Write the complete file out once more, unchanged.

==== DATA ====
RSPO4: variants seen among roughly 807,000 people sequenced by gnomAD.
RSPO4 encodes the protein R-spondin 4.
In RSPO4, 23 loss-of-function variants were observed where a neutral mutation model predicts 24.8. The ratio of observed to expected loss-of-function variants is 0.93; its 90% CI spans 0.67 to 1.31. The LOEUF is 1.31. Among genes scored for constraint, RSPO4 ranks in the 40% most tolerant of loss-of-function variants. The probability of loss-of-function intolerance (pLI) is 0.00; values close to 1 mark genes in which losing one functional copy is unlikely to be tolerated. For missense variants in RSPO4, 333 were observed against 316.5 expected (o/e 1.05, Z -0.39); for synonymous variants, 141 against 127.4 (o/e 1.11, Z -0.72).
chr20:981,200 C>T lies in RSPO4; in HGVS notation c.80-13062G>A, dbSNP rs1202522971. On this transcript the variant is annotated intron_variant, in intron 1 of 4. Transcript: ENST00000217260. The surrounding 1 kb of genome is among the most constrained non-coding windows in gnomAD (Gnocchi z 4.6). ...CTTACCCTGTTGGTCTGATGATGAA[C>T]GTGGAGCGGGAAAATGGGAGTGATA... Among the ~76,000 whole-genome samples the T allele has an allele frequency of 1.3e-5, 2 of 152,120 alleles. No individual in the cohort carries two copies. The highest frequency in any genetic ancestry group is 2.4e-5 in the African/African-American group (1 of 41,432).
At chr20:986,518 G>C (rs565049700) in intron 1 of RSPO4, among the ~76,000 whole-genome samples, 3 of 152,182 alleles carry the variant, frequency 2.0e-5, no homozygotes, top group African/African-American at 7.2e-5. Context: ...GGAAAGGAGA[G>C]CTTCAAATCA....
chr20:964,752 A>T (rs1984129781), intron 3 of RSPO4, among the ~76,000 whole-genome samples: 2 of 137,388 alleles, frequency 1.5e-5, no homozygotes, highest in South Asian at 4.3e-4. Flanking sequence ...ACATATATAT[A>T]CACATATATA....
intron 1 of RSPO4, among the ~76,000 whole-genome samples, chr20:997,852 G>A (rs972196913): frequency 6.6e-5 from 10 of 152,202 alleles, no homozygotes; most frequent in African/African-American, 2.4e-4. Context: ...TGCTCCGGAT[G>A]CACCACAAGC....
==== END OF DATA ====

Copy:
RSPO4: variants seen among roughly 807,000 people sequenced by gnomAD.
RSPO4 encodes the protein R-spondin 4.
In RSPO4, 23 loss-of-function variants were observed where a neutral mutation model predicts 24.8. The ratio of observed to expected loss-of-function variants is 0.93; its 90% CI spans 0.67 to 1.31. The LOEUF is 1.31. Among genes scored for constraint, RSPO4 ranks in the 40% most tolerant of loss-of-function variants. The probability of loss-of-function intolerance (pLI) is 0.00; values close to 1 mark genes in which losing one functional copy is unlikely to be tolerated. For missense variants in RSPO4, 333 were observed against 316.5 expected (o/e 1.05, Z -0.39); for synonymous variants, 141 against 127.4 (o/e 1.11, Z -0.72).
chr20:981,200 C>T lies in RSPO4; in HGVS notation c.80-13062G>A, dbSNP rs1202522971. On this transcript the variant is annotated intron_variant, in intron 1 of 4. Transcript: ENST00000217260. The surrounding 1 kb of genome is among the most constrained non-coding windows in gnomAD (Gnocchi z 4.6). ...CTTACCCTGTTGGTCTGATGATGAA[C>T]GTGGAGCGGGAAAATGGGAGTGATA... Among the ~76,000 whole-genome samples the T allele has an allele frequency of 1.3e-5, 2 of 152,120 alleles. No individual in the cohort carries two copies. The highest frequency in any genetic ancestry group is 2.4e-5 in the African/African-American group (1 of 41,432).
At chr20:986,518 G>C (rs565049700) in intron 1 of RSPO4, among the ~76,000 whole-genome samples, 3 of 152,182 alleles carry the variant, frequency 2.0e-5, no homozygotes, top group African/African-American at 7.2e-5. Context: ...GGAAAGGAGA[G>C]CTTCAAATCA....
chr20:964,752 A>T (rs1984129781), intron 3 of RSPO4, among the ~76,000 whole-genome samples: 2 of 137,388 alleles, frequency 1.5e-5, no homozygotes, highest in South Asian at 4.3e-4. Flanking sequence ...ACATATATAT[A>T]CACATATATA....
intron 1 of RSPO4, among the ~76,000 whole-genome samples, chr20:997,852 G>A (rs972196913): frequency 6.6e-5 from 10 of 152,202 alleles, no homozygotes; most frequent in African/African-American, 2.4e-4. Context: ...TGCTCCGGAT[G>A]CACCACAAGC....